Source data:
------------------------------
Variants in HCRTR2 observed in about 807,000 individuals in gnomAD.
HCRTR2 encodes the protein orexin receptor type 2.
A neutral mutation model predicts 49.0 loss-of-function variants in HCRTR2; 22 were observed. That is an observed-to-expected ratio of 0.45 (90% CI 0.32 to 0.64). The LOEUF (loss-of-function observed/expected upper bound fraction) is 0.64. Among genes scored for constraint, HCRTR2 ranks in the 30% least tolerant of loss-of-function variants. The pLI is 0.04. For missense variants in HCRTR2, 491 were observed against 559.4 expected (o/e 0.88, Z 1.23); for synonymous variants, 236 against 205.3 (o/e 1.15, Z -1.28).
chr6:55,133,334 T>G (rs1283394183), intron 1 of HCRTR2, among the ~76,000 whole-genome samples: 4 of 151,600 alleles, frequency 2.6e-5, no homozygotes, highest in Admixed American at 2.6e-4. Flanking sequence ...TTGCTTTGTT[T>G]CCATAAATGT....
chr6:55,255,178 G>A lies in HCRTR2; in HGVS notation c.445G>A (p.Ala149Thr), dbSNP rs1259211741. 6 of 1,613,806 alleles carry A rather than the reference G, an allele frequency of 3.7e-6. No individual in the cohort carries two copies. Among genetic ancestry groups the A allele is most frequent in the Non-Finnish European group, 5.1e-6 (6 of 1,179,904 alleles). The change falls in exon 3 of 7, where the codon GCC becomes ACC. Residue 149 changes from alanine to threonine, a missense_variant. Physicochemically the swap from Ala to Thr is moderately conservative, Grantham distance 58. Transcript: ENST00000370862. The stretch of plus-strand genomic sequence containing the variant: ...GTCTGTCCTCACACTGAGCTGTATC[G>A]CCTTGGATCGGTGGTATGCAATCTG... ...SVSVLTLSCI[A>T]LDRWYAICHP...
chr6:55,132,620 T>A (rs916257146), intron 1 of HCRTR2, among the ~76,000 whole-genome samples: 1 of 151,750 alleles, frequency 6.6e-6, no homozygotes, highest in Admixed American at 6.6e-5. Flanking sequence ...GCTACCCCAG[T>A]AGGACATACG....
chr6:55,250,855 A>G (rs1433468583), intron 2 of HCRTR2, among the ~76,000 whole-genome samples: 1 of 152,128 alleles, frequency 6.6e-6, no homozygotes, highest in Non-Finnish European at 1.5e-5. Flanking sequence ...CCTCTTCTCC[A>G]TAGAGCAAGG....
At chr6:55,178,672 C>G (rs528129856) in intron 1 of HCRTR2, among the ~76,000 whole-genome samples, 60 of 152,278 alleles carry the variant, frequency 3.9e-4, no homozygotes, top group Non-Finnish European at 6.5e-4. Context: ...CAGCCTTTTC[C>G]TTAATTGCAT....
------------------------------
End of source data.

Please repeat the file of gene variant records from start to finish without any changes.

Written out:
Variants in HCRTR2 observed in about 807,000 individuals in gnomAD.
HCRTR2 encodes the protein orexin receptor type 2.
A neutral mutation model predicts 49.0 loss-of-function variants in HCRTR2; 22 were observed. That is an observed-to-expected ratio of 0.45 (90% CI 0.32 to 0.64). The LOEUF (loss-of-function observed/expected upper bound fraction) is 0.64. Among genes scored for constraint, HCRTR2 ranks in the 30% least tolerant of loss-of-function variants. The pLI is 0.04. For missense variants in HCRTR2, 491 were observed against 559.4 expected (o/e 0.88, Z 1.23); for synonymous variants, 236 against 205.3 (o/e 1.15, Z -1.28).
chr6:55,133,334 T>G (rs1283394183), intron 1 of HCRTR2, among the ~76,000 whole-genome samples: 4 of 151,600 alleles, frequency 2.6e-5, no homozygotes, highest in Admixed American at 2.6e-4. Flanking sequence ...TTGCTTTGTT[T>G]CCATAAATGT....
chr6:55,255,178 G>A lies in HCRTR2; in HGVS notation c.445G>A (p.Ala149Thr), dbSNP rs1259211741. 6 of 1,613,806 alleles carry A rather than the reference G, an allele frequency of 3.7e-6. No individual in the cohort carries two copies. Among genetic ancestry groups the A allele is most frequent in the Non-Finnish European group, 5.1e-6 (6 of 1,179,904 alleles). The change falls in exon 3 of 7, where the codon GCC becomes ACC. Residue 149 changes from alanine to threonine, a missense_variant. Physicochemically the swap from Ala to Thr is moderately conservative, Grantham distance 58. Transcript: ENST00000370862. The stretch of plus-strand genomic sequence containing the variant: ...GTCTGTCCTCACACTGAGCTGTATC[G>A]CCTTGGATCGGTGGTATGCAATCTG... ...SVSVLTLSCI[A>T]LDRWYAICHP...
chr6:55,132,620 T>A (rs916257146), intron 1 of HCRTR2, among the ~76,000 whole-genome samples: 1 of 151,750 alleles, frequency 6.6e-6, no homozygotes, highest in Admixed American at 6.6e-5. Flanking sequence ...GCTACCCCAG[T>A]AGGACATACG....
chr6:55,250,855 A>G (rs1433468583), intron 2 of HCRTR2, among the ~76,000 whole-genome samples: 1 of 152,128 alleles, frequency 6.6e-6, no homozygotes, highest in Non-Finnish European at 1.5e-5. Flanking sequence ...CCTCTTCTCC[A>G]TAGAGCAAGG....
At chr6:55,178,672 C>G (rs528129856) in intron 1 of HCRTR2, among the ~76,000 whole-genome samples, 60 of 152,278 alleles carry the variant, frequency 3.9e-4, no homozygotes, top group Non-Finnish European at 6.5e-4. Context: ...CAGCCTTTTC[C>G]TTAATTGCAT....